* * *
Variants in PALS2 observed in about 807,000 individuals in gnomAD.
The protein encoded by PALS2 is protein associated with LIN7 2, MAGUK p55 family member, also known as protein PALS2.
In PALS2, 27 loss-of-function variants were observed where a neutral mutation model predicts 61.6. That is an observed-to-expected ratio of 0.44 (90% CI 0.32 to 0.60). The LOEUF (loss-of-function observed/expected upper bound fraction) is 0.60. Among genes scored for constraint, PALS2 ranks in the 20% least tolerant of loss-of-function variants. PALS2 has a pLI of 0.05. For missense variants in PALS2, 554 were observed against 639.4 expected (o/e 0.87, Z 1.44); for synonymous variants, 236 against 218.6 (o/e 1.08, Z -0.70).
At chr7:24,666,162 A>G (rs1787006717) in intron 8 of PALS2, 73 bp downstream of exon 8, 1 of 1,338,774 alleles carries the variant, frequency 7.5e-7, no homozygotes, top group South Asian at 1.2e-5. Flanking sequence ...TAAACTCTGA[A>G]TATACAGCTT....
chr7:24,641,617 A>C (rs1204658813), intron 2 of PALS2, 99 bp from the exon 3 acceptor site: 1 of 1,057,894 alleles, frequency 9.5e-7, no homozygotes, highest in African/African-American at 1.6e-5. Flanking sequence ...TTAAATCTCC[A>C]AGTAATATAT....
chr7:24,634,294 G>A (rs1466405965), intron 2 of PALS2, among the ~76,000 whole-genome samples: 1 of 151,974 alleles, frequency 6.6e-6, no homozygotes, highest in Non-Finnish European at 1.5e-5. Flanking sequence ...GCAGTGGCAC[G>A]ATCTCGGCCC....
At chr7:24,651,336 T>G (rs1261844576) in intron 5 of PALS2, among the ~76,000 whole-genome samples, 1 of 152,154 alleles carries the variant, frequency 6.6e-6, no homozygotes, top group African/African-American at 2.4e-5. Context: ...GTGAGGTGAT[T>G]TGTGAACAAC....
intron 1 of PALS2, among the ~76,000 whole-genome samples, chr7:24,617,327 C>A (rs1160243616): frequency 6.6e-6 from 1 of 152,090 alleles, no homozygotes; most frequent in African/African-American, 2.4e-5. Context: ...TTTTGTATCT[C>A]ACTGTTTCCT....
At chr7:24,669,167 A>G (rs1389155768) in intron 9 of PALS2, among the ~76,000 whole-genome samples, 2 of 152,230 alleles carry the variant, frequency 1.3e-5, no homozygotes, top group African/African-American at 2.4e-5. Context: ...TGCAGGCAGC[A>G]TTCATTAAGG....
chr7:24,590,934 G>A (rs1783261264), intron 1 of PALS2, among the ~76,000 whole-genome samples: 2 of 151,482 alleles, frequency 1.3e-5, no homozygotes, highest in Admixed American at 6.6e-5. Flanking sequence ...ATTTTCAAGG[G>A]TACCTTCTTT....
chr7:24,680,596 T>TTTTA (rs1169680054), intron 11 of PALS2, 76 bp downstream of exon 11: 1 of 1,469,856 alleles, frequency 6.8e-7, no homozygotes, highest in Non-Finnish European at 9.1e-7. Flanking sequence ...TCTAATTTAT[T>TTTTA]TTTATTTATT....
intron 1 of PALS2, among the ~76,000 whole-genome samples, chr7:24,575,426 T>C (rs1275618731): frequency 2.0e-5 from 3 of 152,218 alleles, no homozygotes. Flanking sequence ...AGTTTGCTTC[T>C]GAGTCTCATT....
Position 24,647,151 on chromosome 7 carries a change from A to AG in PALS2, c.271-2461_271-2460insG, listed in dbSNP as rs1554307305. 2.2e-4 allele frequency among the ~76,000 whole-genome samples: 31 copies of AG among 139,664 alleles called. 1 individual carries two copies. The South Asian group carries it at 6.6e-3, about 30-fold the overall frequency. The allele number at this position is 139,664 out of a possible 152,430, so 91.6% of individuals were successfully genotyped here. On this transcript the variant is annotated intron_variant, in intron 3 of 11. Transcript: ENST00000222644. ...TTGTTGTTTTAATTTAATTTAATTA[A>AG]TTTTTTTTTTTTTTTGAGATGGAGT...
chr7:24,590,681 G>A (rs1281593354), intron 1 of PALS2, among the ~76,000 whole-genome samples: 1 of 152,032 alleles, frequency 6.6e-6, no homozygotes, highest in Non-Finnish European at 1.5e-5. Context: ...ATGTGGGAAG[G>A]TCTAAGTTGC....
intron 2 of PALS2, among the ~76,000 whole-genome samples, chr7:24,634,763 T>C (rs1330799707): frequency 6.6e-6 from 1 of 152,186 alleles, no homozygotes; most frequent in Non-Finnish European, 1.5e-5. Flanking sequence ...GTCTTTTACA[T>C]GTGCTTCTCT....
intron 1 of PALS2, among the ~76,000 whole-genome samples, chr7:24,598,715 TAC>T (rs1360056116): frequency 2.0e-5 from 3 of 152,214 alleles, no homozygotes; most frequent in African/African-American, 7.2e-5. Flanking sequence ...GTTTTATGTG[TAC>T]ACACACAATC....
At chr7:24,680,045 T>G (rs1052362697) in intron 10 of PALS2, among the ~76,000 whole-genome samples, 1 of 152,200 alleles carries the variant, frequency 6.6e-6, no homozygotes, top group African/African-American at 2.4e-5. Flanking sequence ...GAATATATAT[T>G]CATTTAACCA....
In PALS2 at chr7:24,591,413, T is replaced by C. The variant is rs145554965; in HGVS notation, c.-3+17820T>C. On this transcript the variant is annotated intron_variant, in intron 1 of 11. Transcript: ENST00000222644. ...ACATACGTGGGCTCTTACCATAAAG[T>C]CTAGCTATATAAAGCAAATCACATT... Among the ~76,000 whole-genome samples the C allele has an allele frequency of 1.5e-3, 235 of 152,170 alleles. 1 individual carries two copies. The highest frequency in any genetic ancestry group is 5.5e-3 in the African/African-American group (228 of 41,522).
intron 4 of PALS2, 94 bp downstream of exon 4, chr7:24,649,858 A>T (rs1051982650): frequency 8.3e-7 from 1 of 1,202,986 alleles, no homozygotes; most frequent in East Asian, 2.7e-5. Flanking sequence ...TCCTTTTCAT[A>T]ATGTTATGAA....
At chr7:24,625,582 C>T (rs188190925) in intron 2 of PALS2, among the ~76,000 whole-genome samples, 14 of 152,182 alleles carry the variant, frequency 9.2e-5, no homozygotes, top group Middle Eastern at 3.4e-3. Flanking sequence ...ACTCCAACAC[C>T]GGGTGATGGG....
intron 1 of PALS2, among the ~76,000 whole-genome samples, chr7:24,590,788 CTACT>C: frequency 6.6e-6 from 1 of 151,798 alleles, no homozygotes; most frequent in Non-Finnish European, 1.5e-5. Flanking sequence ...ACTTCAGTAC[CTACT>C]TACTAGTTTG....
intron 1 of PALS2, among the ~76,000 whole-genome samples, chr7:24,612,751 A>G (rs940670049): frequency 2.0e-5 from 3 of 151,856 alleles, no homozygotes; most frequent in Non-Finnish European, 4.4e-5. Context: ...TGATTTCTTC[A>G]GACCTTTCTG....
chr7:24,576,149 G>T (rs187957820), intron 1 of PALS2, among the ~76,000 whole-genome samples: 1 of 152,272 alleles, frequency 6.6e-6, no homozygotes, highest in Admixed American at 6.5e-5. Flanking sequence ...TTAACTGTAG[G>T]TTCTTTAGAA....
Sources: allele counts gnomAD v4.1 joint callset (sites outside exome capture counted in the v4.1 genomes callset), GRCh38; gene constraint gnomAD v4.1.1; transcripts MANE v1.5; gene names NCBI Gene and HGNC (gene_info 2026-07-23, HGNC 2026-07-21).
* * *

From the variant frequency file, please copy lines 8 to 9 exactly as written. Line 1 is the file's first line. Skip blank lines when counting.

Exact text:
intron 1 of PALS2, among the ~76,000 whole-genome samples, chr7:24,617,327 C>A (rs1160243616): frequency 6.6e-6 from 1 of 152,090 alleles, no homozygotes; most frequent in African/African-American, 2.4e-5. Context: ...TTTTGTATCT[C>A]ACTGTTTCCT....
At chr7:24,669,167 A>G (rs1389155768) in intron 9 of PALS2, among the ~76,000 whole-genome samples, 2 of 152,230 alleles carry the variant, frequency 1.3e-5, no homozygotes, top group African/African-American at 2.4e-5. Context: ...TGCAGGCAGC[A>G]TTCATTAAGG....